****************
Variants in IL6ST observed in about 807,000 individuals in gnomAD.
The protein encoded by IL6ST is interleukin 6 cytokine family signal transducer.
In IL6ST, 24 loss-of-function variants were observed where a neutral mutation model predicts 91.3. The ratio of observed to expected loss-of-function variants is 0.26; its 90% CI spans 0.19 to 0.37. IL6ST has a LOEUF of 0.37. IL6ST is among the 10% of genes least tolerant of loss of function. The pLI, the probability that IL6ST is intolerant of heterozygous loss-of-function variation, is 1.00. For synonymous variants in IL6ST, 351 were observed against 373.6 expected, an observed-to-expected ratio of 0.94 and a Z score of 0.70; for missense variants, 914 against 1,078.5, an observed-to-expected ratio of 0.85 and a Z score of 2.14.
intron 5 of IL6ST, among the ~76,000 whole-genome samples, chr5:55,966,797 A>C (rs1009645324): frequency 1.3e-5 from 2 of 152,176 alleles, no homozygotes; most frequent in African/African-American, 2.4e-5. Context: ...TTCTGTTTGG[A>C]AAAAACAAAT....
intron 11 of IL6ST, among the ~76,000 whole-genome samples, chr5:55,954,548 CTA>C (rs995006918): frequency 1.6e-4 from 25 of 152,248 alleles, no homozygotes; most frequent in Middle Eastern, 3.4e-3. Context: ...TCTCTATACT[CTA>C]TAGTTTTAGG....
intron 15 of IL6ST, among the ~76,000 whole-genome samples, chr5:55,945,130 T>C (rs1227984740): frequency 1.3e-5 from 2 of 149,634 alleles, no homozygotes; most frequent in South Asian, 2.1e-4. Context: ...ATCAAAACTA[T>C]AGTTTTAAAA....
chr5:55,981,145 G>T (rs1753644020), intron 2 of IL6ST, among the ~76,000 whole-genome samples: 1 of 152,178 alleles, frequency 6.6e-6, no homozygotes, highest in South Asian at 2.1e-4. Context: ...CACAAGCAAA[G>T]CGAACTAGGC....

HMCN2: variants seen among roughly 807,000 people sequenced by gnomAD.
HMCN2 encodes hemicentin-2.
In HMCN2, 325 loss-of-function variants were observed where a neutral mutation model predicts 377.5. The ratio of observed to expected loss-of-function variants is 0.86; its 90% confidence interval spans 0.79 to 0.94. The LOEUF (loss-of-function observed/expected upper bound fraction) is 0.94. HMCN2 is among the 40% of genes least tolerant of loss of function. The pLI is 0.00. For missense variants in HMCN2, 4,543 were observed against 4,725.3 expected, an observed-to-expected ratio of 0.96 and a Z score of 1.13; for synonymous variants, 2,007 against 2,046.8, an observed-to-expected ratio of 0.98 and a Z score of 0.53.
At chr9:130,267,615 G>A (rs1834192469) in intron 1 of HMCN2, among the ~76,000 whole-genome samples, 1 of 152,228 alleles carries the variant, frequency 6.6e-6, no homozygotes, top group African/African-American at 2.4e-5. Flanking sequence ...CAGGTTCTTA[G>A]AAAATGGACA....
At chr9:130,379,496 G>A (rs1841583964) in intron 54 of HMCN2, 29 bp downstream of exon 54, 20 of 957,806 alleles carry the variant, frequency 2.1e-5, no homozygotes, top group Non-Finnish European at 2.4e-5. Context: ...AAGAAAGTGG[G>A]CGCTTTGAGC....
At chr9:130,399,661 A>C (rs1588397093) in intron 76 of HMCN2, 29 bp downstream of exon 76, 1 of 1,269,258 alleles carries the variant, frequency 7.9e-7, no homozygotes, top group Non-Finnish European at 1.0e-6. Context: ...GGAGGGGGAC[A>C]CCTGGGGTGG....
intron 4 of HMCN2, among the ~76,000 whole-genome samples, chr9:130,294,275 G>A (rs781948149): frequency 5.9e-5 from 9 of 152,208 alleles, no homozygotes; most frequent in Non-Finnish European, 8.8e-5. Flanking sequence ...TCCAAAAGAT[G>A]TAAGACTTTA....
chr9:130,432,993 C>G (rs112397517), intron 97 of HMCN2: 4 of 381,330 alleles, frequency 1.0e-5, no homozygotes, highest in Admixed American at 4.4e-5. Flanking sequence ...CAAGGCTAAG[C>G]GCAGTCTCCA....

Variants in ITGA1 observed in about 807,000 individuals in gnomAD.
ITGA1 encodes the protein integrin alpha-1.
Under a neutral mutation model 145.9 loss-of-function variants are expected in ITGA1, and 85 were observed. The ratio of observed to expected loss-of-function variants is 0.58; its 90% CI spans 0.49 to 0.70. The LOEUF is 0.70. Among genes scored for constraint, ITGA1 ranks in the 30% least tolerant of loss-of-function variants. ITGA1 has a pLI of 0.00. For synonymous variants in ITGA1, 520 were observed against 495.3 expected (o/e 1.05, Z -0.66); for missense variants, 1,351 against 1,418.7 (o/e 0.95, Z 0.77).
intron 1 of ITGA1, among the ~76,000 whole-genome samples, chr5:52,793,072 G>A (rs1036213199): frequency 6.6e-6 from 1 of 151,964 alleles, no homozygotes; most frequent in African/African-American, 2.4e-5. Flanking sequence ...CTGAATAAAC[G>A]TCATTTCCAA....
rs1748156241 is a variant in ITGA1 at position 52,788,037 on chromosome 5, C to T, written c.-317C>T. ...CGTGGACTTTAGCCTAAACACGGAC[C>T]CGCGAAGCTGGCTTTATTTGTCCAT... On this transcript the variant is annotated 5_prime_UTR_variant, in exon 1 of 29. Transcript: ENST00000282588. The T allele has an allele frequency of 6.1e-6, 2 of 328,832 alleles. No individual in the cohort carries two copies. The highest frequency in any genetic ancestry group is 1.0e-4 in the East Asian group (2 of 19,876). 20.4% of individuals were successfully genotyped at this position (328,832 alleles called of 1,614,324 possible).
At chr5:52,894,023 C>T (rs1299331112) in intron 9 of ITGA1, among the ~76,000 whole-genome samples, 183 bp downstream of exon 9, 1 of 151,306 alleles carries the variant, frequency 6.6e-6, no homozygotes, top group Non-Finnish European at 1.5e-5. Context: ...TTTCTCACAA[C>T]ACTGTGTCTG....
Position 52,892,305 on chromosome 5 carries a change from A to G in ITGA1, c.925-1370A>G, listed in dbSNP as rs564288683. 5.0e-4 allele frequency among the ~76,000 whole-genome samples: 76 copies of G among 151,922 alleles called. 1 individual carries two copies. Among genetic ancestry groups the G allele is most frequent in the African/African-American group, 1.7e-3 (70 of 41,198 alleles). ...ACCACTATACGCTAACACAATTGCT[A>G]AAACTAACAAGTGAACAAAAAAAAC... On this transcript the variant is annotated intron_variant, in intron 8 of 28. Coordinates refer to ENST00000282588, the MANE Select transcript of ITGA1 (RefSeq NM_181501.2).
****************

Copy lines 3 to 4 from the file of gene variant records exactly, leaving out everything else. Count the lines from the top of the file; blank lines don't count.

In IL6ST, 24 loss-of-function variants were observed where a neutral mutation model predicts 91.3. The ratio of observed to expected loss-of-function variants is 0.26; its 90% CI spans 0.19 to 0.37. IL6ST has a LOEUF of 0.37. IL6ST is among the 10% of genes least tolerant of loss of function. The pLI, the probability that IL6ST is intolerant of heterozygous loss-of-function variation, is 1.00. For synonymous variants in IL6ST, 351 were observed against 373.6 expected, an observed-to-expected ratio of 0.94 and a Z score of 0.70; for missense variants, 914 against 1,078.5, an observed-to-expected ratio of 0.85 and a Z score of 2.14.
intron 5 of IL6ST, among the ~76,000 whole-genome samples, chr5:55,966,797 A>C (rs1009645324): frequency 1.3e-5 from 2 of 152,176 alleles, no homozygotes; most frequent in African/African-American, 2.4e-5. Context: ...TTCTGTTTGG[A>C]AAAAACAAAT....